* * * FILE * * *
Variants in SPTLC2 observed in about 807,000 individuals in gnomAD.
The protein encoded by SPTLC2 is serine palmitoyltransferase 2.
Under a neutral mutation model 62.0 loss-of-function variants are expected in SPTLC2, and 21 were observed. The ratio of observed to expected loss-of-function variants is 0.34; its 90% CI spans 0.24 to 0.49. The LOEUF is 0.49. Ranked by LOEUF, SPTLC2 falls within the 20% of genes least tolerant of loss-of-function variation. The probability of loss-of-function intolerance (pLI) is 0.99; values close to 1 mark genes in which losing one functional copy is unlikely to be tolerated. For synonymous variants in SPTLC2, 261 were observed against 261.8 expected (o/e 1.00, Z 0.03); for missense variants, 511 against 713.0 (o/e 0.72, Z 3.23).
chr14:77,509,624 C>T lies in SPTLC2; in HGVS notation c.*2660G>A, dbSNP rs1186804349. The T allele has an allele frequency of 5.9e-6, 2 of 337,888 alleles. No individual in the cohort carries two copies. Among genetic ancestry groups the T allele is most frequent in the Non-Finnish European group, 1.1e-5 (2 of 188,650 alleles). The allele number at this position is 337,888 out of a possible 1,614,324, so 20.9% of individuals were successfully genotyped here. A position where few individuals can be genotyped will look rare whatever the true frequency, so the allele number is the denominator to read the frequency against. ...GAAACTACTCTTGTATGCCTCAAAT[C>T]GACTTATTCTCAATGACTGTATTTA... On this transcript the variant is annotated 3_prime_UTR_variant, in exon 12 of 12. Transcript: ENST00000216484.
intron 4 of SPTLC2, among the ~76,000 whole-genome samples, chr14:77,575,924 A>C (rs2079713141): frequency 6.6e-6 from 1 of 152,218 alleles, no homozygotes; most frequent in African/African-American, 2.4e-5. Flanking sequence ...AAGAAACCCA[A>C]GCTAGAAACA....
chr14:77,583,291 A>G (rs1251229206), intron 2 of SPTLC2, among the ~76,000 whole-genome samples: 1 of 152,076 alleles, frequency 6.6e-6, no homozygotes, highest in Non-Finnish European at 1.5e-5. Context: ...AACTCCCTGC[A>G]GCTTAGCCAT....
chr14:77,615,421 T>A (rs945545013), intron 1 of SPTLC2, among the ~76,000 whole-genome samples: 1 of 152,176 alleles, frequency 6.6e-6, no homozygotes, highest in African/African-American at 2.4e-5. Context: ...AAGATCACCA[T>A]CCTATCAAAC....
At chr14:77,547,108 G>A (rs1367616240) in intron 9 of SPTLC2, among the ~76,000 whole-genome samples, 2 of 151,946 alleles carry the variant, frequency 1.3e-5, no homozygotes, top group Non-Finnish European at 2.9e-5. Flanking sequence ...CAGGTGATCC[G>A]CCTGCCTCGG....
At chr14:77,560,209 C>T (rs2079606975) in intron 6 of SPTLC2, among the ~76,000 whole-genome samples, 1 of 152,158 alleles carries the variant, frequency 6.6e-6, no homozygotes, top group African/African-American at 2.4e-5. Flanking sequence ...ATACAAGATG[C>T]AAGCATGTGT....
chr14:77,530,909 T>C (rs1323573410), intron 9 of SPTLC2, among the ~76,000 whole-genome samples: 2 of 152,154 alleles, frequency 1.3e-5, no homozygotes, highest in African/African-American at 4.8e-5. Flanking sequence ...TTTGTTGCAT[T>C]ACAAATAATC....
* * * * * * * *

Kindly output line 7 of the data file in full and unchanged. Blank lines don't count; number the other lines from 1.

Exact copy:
chr14:77,615,421 T>A (rs945545013), intron 1 of SPTLC2, among the ~76,000 whole-genome samples: 1 of 152,176 alleles, frequency 6.6e-6, no homozygotes, highest in African/African-American at 2.4e-5. Context: ...AAGATCACCA[T>A]CCTATCAAAC....